Starred Review for Kirkus Reviews
In the fall of 2013, on a bus ride home, a young man sets another student on fire.In a small private high school, Sasha, a white teen with Asperger's, enjoyed "a tight circle of friends," "blazed through calculus, linguistics, physics, and computer programming," and invented languages. Sasha didn't fall into a neat gender category and considered "the place in-between…a real place." Encouraged by parents who supported self-expression, Sasha began to use the pronoun they. They wore a skirt for the first time during their school's annual cross-dressing day and began to identify as genderqueer. On the other side of Oakland, California, Richard, a black teen, was "always goofing around" at a high school where roughly one-third of the students failed to graduate. Within a few short years, his closest friends would be pregnant, in jail, or shot dead, but Richard tried to stay out of real trouble. One fateful day, Sasha was asleep in a "gauzy white skirt" on the 57 bus when a rowdy friend handed Richard a lighter. With a journalist's eye for overlooked details, Slater does a masterful job debunking the myths of the hate-crime monster and the African-American thug, probing the line between adolescent stupidity and irredeemable depravity. Few readers will traverse this exploration of gender identity, adolescent crime, and penal racism without having a few assumptions challenged. An outstanding book that links the diversity of creed and the impact of impulsive actions to themes of tolerance and forgiveness. (Nonfiction. 14-18)
Voice of Youth Advocates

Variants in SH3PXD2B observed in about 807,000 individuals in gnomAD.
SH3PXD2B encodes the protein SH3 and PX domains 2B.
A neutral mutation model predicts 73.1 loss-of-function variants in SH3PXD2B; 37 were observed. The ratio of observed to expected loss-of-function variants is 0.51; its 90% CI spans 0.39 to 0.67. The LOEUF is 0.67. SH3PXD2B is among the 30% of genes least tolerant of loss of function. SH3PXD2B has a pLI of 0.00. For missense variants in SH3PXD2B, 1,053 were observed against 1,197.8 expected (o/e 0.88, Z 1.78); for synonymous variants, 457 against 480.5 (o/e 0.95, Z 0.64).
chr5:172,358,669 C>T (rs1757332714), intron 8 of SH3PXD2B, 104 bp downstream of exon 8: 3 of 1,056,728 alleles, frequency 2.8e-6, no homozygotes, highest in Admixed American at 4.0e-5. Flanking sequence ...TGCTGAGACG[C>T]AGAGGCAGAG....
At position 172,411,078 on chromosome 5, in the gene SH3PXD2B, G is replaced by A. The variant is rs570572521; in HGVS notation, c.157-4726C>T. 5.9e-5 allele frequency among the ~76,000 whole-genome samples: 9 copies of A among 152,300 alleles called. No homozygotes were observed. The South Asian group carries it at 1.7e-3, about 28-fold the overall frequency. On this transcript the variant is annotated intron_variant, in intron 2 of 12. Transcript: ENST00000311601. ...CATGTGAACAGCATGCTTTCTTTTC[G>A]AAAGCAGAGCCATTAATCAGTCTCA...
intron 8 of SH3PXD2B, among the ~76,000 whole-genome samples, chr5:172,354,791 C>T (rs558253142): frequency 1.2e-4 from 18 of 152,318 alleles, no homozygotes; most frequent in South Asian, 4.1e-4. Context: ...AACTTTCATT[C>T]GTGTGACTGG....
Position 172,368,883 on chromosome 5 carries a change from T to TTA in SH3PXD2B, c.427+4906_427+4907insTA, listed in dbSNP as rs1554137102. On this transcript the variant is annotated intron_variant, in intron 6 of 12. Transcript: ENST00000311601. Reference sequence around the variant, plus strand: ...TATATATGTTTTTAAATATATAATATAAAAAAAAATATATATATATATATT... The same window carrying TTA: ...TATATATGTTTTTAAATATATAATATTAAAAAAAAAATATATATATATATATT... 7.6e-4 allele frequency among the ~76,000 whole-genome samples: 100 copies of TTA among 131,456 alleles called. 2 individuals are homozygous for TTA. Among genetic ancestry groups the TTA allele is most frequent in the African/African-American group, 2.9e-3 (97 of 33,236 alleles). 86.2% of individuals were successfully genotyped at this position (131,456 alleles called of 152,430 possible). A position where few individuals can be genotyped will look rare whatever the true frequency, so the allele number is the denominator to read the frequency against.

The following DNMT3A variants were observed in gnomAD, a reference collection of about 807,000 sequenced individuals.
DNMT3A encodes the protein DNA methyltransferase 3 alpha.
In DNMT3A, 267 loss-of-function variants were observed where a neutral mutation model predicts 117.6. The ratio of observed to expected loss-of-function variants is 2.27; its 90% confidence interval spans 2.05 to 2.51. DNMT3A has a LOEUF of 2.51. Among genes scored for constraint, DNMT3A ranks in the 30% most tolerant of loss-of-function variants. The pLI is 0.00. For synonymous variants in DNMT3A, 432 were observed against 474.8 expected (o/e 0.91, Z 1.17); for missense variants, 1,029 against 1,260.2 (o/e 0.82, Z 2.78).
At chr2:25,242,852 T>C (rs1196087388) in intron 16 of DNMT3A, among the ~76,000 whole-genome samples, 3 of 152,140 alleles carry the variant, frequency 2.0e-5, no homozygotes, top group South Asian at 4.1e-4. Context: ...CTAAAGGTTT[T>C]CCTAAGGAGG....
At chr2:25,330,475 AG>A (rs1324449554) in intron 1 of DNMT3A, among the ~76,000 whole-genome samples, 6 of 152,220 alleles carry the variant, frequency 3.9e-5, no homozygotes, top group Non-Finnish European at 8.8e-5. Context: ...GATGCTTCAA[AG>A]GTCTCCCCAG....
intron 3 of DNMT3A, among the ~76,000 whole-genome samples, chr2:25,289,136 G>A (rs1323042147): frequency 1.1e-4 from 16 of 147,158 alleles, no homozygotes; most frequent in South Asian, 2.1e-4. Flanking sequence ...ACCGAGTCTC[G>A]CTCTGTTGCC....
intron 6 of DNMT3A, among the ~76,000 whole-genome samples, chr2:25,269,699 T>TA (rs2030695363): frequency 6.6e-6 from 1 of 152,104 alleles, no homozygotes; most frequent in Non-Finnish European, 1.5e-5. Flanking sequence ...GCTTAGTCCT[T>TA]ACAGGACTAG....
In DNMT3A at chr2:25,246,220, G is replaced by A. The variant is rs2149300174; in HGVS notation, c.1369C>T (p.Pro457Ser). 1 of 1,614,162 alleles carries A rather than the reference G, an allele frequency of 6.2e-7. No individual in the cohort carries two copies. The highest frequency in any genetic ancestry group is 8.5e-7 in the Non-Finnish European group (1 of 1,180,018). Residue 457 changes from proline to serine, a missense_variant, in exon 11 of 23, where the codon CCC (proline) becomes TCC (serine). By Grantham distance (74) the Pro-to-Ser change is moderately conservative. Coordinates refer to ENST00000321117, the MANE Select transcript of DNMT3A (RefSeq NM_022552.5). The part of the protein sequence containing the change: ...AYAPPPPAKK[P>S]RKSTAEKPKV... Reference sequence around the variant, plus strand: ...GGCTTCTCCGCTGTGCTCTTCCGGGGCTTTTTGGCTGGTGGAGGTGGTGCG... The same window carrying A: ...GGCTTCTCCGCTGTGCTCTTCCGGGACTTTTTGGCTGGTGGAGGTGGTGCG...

One fall day in 2013, Richard and Sasha were strangers taking the public bus home from school, as they had done many times before. This time, Richard’s friends convinced him that lighting Sasha’s gauzy skirt with a match would be funny. It was not, and both of their lives changed forever. In The 57 Bus, Slater comprehensively tells the stories of their pasts (Richard, a poor African-American from Oakland; Sasha, a well-to-do nonbinary teen with Asperger’s syndrome) and the legal issues that followed. The reader does not get to know Sarah deeply in this sprawling account, and that seems to be the intent, for she admits to wanting people to be “confused” by her, to be unable to understand her. Richard, meanwhile, a troubled teenager who does a stupid thing, is presented as a victim. Slater’s journalistic style and political bent keep the characters at a distance. The book’s first half examines each character’s upbringing, illustrating the childhoods of two very different people. The last half, concerning the legal machinations after the crime, demonstrates the author’s desire to create changes in American values and the criminal justice system. She does not present, however, the steps that might lead toward such changes. As a result, the book may provoke more anger and frustration than understanding. It is likely that this account will spark conversations, debates, and contemplation, perhaps leading readers to define for themselves what justice means. If readers remember this story and the two teens at the center of it, then The 57 Bus will create awareness about the important issues surrounding the event that day on the bus.—Jim Nicosia.
Word Count: 47,948
Reading Level: 6.5
Interest Level: 7-12
Accelerated Reader: reading level: 6.5 / points: 8.0 / quiz: 192475 / grade: Middle Grades+
Reading Counts!: reading level:6.6 / points:12.0 / quiz:Q72113
Lexile: 930L

This riveting book about race, class, gender, crime, and punishment tells the true story of an agender teen who was set on fire by another teen while riding a bus in Oakland, California.